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Saltwater Reviews

Saltwater by Jessica Andrews

Saltwater

Jessica Andrews

3.50 out of 5

3 reviews

Imprint: Sceptre
Publisher: Hodder & Stoughton General Division
Publication date: 16 May 2019
ISBN: 9781473682771

A stunning new voice in British literary fiction, for fans of Rachel Cusk and Sally Rooney.

4 stars out of 5
Sarah Gilmartin
18 May 2019

"Jessica Andrew’s debut novel marks her as a writer to watch"

In London, we get scenes of crazy warehouse parties, sleazy bar owners, poor grades and class struggles as Lucy works part time to support her education. In the remote landscape of Donegal, however, a new woman emerges. Echoing the fluidity elsewhere in the book, there is a poignant moving away from the meagreness and restriction of her old existence: “I want a life that is full, which means dirty and delicious. Order seems to mean emptiness, or at least it does for me. I want coffee spilled on the carpet and stew slopped across the stove … I want to learn abundance; how to have things without fear.”

Reviews

4 stars out of 5
Stephanie Cross
17 May 2019

"a sharply observed and poignant first outing"

The twentysomething debut author Jessica Andrews apparently cut up the manuscript of her millennial coming-of-age novel and rearranged it on the kitchen floor. It might sound gimmicky, but the resulting narrative, which progresses via lyrical, numbered instalments, reflects narrator Lucy’s struggles to find a shape and space to inhabit — both metaphorically and literally... Authenticating references are over-egged (fake tan, Matey bubble bath, Skips crisps), and there’s a temporary loss of momentum mid-way, but this is nonetheless a sharply observed and poignant first outing.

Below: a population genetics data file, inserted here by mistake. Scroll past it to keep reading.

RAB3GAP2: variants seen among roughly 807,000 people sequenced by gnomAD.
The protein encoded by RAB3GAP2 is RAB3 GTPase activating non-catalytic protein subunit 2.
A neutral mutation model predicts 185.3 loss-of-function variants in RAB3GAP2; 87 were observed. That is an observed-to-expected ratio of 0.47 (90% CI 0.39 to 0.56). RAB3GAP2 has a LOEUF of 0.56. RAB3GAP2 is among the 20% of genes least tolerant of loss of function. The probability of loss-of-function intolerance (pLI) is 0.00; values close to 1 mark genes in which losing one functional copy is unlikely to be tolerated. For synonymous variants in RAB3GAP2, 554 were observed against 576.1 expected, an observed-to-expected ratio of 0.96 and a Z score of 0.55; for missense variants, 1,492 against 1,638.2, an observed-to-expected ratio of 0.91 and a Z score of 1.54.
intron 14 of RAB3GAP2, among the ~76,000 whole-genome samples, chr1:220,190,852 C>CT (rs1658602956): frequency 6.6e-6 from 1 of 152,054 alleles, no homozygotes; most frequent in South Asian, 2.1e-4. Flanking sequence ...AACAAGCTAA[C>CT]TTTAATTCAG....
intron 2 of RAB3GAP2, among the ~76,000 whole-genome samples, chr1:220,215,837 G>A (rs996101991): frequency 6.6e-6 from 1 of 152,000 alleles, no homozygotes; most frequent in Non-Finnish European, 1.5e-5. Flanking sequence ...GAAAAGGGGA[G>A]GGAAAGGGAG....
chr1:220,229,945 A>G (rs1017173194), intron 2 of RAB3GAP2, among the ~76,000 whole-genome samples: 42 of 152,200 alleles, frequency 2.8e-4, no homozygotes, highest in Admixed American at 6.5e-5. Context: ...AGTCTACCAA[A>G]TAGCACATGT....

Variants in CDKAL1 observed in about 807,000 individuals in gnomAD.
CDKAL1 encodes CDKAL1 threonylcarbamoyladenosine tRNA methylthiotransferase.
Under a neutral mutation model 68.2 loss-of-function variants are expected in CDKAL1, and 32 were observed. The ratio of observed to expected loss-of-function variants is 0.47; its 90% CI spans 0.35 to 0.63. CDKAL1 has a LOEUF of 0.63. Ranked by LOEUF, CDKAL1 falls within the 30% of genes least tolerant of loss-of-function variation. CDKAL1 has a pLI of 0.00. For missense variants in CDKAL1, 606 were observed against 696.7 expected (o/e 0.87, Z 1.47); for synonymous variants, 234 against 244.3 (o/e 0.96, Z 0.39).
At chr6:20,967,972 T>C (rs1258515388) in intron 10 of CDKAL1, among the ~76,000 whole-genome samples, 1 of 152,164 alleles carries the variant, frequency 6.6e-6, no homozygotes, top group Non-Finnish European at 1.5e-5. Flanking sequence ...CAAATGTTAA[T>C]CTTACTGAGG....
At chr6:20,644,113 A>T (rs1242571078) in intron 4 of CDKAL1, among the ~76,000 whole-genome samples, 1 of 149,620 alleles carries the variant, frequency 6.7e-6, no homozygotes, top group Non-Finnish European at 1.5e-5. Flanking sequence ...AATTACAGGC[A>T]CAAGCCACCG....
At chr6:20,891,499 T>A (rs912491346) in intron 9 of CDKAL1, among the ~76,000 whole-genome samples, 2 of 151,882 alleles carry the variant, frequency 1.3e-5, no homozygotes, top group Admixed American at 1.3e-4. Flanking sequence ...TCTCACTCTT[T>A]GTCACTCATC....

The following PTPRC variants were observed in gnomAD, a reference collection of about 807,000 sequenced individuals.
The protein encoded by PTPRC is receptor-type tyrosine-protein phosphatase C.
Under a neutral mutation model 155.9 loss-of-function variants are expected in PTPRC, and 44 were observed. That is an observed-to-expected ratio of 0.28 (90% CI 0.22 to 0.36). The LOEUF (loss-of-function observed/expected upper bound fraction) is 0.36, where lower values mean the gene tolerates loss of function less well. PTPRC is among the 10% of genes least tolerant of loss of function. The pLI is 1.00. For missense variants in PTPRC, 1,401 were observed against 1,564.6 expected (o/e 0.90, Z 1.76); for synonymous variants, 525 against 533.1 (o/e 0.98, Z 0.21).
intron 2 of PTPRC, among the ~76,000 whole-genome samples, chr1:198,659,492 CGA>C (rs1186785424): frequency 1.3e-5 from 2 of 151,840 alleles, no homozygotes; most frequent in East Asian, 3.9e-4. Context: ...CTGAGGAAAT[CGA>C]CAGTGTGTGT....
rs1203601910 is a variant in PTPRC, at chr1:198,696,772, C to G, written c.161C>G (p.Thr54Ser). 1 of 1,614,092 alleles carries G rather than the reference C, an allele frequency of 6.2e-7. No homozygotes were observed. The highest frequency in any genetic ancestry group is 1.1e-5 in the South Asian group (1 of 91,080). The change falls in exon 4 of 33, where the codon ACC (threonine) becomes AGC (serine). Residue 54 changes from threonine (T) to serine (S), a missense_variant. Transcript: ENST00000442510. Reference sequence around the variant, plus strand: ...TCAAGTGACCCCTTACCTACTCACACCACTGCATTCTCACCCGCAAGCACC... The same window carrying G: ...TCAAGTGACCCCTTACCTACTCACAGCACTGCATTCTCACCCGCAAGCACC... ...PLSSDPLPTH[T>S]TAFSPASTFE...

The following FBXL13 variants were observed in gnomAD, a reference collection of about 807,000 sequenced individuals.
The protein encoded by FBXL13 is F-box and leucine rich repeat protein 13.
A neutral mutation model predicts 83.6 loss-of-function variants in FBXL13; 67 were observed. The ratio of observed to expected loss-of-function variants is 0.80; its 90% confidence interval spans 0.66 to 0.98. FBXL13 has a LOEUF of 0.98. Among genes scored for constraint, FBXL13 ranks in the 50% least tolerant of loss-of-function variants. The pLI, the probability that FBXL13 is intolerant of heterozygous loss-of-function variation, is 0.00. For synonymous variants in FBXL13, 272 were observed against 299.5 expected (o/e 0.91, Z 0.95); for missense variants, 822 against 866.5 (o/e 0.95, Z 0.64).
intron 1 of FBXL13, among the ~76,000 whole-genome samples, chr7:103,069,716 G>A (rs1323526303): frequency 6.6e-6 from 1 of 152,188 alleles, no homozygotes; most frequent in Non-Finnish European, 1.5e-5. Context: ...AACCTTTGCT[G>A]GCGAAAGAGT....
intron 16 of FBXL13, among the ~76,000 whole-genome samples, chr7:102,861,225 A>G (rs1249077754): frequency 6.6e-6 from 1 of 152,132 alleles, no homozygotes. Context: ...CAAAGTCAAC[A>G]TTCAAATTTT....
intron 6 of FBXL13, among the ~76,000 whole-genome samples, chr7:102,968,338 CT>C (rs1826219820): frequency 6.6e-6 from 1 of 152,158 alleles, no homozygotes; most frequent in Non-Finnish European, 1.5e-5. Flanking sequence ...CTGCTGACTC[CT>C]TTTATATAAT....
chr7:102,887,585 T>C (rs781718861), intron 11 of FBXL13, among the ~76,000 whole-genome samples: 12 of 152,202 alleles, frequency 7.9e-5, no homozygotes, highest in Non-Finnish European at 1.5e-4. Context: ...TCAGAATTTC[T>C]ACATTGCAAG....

3 stars out of 5
Johanna Thomas-Corr
5 May 2019

"This debut novel is raw, intimate and authentic"

Saltwater is raw, intimate and authentic but lacking in intrigue or critical distance. It’s a shame, because somewhere in here is a story about disadvantage that deserves to be heard. Andrews obviously has talent; it just needs nurturing more carefully. A novel should be more than a bunch of feels.